Holden aims to reduce thirst

Aluminium body panels are just one of the steps Holden is taking to improve fuel consumption in the next-generation VF Commodore. Photo / Supplied
Aluminium body panels are just one of the steps Holden is taking to improve fuel consumption in the next-generation VF Commodore. Photo / Supplied

Holden will use aluminium body panels in its next-generation VF Commodore to cut weight and help improve fuel consumption.

A switch to electric-powered steering and improved aerodynamics are also believed to be among measures to cut the car's thirst by about 7 per cent.

Holden will be the first Australian carmaker to use aluminium in a move that is expected to have a flow-on effect across its range of models, specifically the medium Cruze sedan and hatchback.

The new programme will cost Holden upwards of $200 million, of which about $50 million will be paid by the Australian Federal Government.

GM Holden chairman and managing director Mike Devereux said the co-investment funding was critical for the Australian automotive industry to compete globally and to continue to bring affordable new technologies and innovations to locally made cars like the Commodore.

"The assistance from the Federal Government will enable Holden to bring Australian-made firsts in fuel-efficiency and weight saving to market and to secure local jobs in the broader automotive industry," he said.

Holden said a 7 per cent cut would save around 3.6 million litres of fuel and reduce CO2 emissions from the Commodore fleet in Australia by around 9000 tonnes a year.

It would cut the V6 Commodore's claimed town-and-around fuel consumption of upwards of 9 litres/100km to 8.4 litres or so.

Devereux said the carmaker wanted to make sure the next generation Commodore would continue to be relevant to Australian and New Zealand consumers.

He said the grant would be matched on a three-dollar to one-dollar basis by Holden in engineering the new car and upgrading production facilities at its Adelaide plant to produce the aluminium panels.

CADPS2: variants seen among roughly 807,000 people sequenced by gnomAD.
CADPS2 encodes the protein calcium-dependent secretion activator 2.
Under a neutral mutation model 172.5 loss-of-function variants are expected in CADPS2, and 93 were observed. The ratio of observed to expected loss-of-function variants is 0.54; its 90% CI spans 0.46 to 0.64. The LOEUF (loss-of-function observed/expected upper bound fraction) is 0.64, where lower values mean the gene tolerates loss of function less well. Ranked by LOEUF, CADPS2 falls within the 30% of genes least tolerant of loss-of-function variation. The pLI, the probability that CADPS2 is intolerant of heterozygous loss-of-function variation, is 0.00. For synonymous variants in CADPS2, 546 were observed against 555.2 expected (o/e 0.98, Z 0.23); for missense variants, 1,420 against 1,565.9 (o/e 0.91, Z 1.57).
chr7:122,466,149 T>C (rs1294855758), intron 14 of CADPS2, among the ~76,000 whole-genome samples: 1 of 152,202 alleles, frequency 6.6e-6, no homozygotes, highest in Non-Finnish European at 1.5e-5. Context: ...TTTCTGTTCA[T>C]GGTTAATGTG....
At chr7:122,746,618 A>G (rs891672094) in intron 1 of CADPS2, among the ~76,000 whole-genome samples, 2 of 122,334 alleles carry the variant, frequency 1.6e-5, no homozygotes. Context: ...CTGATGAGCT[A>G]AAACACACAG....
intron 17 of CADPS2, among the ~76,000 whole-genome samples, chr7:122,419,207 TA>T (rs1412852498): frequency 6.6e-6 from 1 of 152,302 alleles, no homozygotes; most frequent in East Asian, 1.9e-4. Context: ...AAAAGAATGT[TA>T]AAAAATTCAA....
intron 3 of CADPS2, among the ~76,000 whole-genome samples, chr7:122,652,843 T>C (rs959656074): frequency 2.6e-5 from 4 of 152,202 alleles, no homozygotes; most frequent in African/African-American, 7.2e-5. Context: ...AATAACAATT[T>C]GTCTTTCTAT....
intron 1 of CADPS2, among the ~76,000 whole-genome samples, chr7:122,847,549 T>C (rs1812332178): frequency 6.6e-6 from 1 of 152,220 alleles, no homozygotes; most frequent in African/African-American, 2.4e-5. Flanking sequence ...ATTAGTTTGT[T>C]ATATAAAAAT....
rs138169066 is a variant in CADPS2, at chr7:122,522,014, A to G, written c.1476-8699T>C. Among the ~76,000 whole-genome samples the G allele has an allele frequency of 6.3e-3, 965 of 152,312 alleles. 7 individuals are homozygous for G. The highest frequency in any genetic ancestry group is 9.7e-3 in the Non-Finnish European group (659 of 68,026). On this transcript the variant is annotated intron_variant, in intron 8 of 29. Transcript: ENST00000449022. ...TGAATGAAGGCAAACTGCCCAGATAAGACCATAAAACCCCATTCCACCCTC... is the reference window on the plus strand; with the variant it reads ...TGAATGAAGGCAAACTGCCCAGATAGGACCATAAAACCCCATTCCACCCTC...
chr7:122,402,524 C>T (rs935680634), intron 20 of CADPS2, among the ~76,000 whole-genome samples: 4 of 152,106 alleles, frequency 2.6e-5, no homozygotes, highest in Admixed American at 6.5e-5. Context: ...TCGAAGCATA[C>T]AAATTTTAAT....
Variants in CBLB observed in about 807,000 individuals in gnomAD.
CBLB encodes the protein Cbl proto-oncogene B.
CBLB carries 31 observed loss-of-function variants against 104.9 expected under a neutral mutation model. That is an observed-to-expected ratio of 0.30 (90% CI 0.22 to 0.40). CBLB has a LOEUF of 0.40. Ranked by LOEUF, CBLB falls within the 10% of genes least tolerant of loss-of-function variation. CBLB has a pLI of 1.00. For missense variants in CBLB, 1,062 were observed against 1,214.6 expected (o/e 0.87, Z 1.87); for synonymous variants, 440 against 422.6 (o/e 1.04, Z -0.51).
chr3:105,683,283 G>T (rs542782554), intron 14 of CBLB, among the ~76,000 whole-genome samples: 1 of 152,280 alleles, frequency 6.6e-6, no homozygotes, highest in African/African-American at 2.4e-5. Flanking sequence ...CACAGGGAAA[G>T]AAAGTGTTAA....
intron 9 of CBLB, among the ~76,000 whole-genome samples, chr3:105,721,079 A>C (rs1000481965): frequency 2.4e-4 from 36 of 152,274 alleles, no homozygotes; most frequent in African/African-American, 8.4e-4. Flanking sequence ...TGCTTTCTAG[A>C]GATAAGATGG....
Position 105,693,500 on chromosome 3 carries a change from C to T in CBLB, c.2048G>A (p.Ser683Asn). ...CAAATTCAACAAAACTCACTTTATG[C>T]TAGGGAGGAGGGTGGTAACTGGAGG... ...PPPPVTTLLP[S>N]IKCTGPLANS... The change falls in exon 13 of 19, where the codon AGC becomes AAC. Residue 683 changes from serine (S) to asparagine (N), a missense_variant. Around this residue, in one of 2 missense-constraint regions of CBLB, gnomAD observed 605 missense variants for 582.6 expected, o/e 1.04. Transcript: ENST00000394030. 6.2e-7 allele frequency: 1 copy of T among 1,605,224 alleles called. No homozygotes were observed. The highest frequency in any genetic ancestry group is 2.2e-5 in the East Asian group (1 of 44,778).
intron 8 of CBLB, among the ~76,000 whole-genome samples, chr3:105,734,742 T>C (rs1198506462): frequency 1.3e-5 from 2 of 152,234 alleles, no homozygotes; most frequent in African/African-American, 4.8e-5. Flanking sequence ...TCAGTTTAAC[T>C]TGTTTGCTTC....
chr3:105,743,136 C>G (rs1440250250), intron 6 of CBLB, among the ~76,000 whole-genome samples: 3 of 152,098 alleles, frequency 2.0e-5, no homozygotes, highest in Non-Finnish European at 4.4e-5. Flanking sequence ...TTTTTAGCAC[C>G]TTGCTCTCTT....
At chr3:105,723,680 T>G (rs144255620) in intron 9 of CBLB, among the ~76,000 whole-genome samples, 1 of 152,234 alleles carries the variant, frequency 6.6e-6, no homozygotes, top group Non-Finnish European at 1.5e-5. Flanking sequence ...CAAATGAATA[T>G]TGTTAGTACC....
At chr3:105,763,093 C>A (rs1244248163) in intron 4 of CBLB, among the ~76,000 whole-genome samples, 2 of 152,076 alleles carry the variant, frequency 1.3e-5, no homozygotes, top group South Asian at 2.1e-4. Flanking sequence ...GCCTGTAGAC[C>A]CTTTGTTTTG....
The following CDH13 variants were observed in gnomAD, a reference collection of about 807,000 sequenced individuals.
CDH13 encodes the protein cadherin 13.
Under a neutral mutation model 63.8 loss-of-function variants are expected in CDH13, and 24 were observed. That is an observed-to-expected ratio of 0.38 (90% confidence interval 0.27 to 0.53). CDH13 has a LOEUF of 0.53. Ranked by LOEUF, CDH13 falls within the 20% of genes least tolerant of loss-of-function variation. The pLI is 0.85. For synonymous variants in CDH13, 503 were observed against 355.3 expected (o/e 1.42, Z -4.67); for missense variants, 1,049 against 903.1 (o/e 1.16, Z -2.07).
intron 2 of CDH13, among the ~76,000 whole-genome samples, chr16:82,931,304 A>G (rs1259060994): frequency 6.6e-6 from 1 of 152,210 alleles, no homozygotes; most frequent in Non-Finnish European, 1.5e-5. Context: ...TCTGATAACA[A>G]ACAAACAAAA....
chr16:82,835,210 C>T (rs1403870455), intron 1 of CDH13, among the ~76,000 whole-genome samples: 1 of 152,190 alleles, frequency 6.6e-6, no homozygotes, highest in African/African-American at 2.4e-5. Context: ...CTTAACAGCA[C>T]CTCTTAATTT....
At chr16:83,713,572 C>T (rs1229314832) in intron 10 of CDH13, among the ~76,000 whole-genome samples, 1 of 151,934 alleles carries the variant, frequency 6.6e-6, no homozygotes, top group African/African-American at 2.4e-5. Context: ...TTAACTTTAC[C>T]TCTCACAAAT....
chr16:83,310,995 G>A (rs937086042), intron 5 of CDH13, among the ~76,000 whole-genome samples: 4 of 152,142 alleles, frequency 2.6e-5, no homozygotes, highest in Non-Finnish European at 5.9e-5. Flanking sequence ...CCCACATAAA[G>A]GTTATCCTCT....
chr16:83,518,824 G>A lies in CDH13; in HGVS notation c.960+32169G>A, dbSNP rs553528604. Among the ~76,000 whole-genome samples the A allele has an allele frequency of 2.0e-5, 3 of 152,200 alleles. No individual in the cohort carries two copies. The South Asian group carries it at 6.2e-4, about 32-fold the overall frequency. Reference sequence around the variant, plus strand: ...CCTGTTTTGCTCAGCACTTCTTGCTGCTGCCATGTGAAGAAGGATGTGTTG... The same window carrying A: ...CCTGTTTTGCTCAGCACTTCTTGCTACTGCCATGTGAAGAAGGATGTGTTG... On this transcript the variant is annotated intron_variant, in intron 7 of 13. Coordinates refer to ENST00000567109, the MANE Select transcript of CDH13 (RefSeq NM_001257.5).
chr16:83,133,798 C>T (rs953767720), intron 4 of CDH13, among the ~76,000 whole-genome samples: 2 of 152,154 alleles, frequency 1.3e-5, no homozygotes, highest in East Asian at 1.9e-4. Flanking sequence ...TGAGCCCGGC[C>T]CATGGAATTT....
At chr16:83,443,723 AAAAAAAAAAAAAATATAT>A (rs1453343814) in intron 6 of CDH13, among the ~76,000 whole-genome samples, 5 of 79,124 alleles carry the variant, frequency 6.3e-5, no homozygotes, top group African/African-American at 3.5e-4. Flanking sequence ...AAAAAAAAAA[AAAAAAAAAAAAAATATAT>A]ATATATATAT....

"We will be using that money to bring a number of innovations that are going to drive pretty significant fuel savings and carbon emission reductions," said Devereux o.

"We are talking about aluminium panels on the car and some significant aero work on the vehicle as well.

"We are not actually announcing for competitive reasons much beyond that, but it is a pretty exciting day because it keeps the story going on the Commodore's future."

Devereux conceded that aluminium was a more difficult material than traditional steel for car panels, but said Holden already had a good handle on the technology.

"Aluminium is a pretty high-tech material to use on body panels," he said.

"It does obviously give you significant savings in mass.

"It is difficult to stamp - it isn't easy. So the shapes are difficult, but we have got a really good engineering team that has it under control."

At least 30 car companies are already using aluminium panels on cars to cut weight, with savings of up to 50 per cent on comparable steel panels, although they are mostly applied to high-end vehicles that can cope with the extra cost.

Holden parent General Motors is using aluminium panels on some of its US brands. The Cadillac CTS and Seville have aluminium bonnets; the Chevrolet Tahoe SUV uses the lightweight metal on its tailgates.

Most of the new VF Commodore's body will be made of steel; aluminium is expected to be used on the bonnet and boot lid.

The Holden Commodore has been the best-selling car in Australia for 15 years, although it has been knocked off its perch in some months by the Toyota Corolla and Toyota HiLux.

- NZ Herald

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